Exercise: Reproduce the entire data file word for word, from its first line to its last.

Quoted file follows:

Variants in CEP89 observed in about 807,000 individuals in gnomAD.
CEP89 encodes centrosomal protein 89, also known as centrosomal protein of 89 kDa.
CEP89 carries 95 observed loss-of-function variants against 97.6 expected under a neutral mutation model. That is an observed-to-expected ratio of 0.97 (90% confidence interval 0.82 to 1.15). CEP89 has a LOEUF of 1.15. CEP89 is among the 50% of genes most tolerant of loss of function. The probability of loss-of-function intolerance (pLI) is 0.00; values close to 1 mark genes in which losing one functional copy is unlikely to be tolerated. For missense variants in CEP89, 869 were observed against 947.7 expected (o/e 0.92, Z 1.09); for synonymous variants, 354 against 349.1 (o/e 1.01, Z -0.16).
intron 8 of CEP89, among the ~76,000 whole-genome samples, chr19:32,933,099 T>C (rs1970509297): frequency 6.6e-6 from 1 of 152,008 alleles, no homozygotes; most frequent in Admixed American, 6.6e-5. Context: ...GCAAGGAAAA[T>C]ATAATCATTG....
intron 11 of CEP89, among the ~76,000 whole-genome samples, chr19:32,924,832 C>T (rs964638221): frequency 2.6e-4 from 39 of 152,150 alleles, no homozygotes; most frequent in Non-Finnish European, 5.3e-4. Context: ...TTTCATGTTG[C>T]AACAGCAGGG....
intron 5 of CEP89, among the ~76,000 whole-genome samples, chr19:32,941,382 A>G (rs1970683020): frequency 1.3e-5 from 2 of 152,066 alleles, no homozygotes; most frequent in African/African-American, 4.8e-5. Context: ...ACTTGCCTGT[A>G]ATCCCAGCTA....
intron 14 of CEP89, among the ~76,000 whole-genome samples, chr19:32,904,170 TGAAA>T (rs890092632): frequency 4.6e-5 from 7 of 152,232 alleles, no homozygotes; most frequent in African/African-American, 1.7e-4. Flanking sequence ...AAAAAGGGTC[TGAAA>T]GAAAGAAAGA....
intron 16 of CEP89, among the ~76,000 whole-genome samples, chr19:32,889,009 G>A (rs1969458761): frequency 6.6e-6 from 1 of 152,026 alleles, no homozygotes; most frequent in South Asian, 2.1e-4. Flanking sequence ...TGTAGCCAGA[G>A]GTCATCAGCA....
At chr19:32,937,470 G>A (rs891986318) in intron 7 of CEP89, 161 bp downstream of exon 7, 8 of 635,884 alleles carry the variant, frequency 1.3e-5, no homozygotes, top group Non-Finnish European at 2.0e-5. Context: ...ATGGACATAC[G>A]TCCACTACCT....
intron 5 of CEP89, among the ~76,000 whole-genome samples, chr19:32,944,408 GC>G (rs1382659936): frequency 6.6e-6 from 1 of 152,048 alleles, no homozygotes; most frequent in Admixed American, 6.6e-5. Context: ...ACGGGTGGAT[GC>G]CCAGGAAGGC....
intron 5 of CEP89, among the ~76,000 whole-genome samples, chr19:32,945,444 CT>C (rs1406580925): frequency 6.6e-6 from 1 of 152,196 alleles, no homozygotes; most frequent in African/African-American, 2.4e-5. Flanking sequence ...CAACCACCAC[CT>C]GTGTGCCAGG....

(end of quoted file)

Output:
Variants in CEP89 observed in about 807,000 individuals in gnomAD.
CEP89 encodes centrosomal protein 89, also known as centrosomal protein of 89 kDa.
CEP89 carries 95 observed loss-of-function variants against 97.6 expected under a neutral mutation model. That is an observed-to-expected ratio of 0.97 (90% confidence interval 0.82 to 1.15). CEP89 has a LOEUF of 1.15. CEP89 is among the 50% of genes most tolerant of loss of function. The probability of loss-of-function intolerance (pLI) is 0.00; values close to 1 mark genes in which losing one functional copy is unlikely to be tolerated. For missense variants in CEP89, 869 were observed against 947.7 expected (o/e 0.92, Z 1.09); for synonymous variants, 354 against 349.1 (o/e 1.01, Z -0.16).
intron 8 of CEP89, among the ~76,000 whole-genome samples, chr19:32,933,099 T>C (rs1970509297): frequency 6.6e-6 from 1 of 152,008 alleles, no homozygotes; most frequent in Admixed American, 6.6e-5. Context: ...GCAAGGAAAA[T>C]ATAATCATTG....
intron 11 of CEP89, among the ~76,000 whole-genome samples, chr19:32,924,832 C>T (rs964638221): frequency 2.6e-4 from 39 of 152,150 alleles, no homozygotes; most frequent in Non-Finnish European, 5.3e-4. Context: ...TTTCATGTTG[C>T]AACAGCAGGG....
intron 5 of CEP89, among the ~76,000 whole-genome samples, chr19:32,941,382 A>G (rs1970683020): frequency 1.3e-5 from 2 of 152,066 alleles, no homozygotes; most frequent in African/African-American, 4.8e-5. Context: ...ACTTGCCTGT[A>G]ATCCCAGCTA....
intron 14 of CEP89, among the ~76,000 whole-genome samples, chr19:32,904,170 TGAAA>T (rs890092632): frequency 4.6e-5 from 7 of 152,232 alleles, no homozygotes; most frequent in African/African-American, 1.7e-4. Flanking sequence ...AAAAAGGGTC[TGAAA>T]GAAAGAAAGA....
intron 16 of CEP89, among the ~76,000 whole-genome samples, chr19:32,889,009 G>A (rs1969458761): frequency 6.6e-6 from 1 of 152,026 alleles, no homozygotes; most frequent in South Asian, 2.1e-4. Flanking sequence ...TGTAGCCAGA[G>A]GTCATCAGCA....
At chr19:32,937,470 G>A (rs891986318) in intron 7 of CEP89, 161 bp downstream of exon 7, 8 of 635,884 alleles carry the variant, frequency 1.3e-5, no homozygotes, top group Non-Finnish European at 2.0e-5. Context: ...ATGGACATAC[G>A]TCCACTACCT....
intron 5 of CEP89, among the ~76,000 whole-genome samples, chr19:32,944,408 GC>G (rs1382659936): frequency 6.6e-6 from 1 of 152,048 alleles, no homozygotes; most frequent in Admixed American, 6.6e-5. Context: ...ACGGGTGGAT[GC>G]CCAGGAAGGC....
intron 5 of CEP89, among the ~76,000 whole-genome samples, chr19:32,945,444 CT>C (rs1406580925): frequency 6.6e-6 from 1 of 152,196 alleles, no homozygotes; most frequent in African/African-American, 2.4e-5. Flanking sequence ...CAACCACCAC[CT>C]GTGTGCCAGG....